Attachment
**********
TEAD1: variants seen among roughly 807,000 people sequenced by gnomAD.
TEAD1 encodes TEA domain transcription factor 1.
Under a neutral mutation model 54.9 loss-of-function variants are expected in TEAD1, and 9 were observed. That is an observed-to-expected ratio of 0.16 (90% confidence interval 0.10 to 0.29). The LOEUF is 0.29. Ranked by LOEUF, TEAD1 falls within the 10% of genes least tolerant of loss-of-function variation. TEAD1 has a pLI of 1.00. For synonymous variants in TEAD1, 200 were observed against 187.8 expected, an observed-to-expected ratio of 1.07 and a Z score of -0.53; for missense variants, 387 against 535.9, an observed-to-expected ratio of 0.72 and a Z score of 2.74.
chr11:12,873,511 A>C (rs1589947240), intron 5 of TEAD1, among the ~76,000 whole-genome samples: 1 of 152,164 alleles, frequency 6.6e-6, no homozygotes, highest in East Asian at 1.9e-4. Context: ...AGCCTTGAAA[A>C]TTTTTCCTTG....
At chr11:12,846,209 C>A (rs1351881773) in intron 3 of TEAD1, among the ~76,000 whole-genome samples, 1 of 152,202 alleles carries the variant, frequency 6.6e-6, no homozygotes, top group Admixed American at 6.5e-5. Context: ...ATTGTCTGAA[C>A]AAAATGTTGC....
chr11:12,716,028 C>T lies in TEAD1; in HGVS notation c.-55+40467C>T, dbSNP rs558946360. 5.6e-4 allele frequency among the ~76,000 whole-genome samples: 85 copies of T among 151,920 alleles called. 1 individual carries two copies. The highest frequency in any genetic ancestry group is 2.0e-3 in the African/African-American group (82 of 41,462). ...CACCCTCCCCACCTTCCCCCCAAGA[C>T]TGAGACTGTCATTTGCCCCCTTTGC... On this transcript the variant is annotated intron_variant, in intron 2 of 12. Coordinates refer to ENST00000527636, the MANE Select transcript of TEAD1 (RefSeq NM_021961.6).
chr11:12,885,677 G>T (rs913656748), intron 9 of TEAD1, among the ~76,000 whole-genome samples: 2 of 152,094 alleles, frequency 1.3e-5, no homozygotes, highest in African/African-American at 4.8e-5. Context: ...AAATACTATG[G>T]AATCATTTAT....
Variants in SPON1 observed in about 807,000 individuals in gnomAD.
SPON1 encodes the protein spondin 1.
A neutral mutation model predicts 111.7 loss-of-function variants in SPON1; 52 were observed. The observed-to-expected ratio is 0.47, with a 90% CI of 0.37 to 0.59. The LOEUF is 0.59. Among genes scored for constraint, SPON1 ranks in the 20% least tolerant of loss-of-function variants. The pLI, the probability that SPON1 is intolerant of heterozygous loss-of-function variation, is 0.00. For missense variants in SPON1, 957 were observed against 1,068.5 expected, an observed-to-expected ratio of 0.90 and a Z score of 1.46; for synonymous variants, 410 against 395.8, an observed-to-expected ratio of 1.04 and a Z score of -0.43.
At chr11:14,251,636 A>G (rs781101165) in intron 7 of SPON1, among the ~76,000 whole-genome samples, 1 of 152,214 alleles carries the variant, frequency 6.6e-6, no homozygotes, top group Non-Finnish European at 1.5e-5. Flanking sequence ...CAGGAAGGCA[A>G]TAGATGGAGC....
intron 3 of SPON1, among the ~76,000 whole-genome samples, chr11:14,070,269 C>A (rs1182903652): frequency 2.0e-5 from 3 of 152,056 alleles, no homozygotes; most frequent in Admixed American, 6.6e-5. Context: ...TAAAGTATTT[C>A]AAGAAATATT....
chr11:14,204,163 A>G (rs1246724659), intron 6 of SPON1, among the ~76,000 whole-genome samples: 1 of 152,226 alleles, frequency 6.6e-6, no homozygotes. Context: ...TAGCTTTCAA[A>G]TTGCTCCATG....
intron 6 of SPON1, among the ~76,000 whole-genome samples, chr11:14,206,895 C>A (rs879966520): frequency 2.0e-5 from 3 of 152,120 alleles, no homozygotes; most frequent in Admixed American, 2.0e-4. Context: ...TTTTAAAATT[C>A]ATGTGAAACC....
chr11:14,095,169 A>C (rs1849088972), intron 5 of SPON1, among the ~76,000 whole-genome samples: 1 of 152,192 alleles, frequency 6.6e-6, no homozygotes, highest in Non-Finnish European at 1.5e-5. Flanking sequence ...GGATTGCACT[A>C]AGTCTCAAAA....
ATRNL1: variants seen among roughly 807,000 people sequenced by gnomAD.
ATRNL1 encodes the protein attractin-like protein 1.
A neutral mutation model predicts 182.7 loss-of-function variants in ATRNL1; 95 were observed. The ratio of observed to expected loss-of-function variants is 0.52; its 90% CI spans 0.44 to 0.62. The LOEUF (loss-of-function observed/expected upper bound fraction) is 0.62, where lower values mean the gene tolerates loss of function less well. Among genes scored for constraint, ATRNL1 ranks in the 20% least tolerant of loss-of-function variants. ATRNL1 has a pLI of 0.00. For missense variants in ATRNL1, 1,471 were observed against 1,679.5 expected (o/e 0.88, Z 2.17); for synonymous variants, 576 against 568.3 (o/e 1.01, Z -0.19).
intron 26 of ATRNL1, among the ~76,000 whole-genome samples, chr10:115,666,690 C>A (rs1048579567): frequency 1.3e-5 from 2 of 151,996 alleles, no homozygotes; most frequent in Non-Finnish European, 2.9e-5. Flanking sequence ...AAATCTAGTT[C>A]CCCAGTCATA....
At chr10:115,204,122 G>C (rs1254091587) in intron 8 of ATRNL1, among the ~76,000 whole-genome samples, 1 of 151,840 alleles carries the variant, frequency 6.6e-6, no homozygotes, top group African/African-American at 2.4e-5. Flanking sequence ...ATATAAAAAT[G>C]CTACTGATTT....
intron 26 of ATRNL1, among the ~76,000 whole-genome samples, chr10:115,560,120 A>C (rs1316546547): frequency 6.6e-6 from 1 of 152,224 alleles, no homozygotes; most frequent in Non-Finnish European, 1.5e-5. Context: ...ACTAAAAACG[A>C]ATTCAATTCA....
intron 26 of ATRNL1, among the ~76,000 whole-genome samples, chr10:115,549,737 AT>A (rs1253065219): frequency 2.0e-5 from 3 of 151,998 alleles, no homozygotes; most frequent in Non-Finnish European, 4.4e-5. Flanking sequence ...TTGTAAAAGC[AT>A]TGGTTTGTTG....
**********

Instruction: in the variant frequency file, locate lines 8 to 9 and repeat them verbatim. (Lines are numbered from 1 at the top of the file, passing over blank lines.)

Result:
Variants in SPON1 observed in about 807,000 individuals in gnomAD.
SPON1 encodes the protein spondin 1.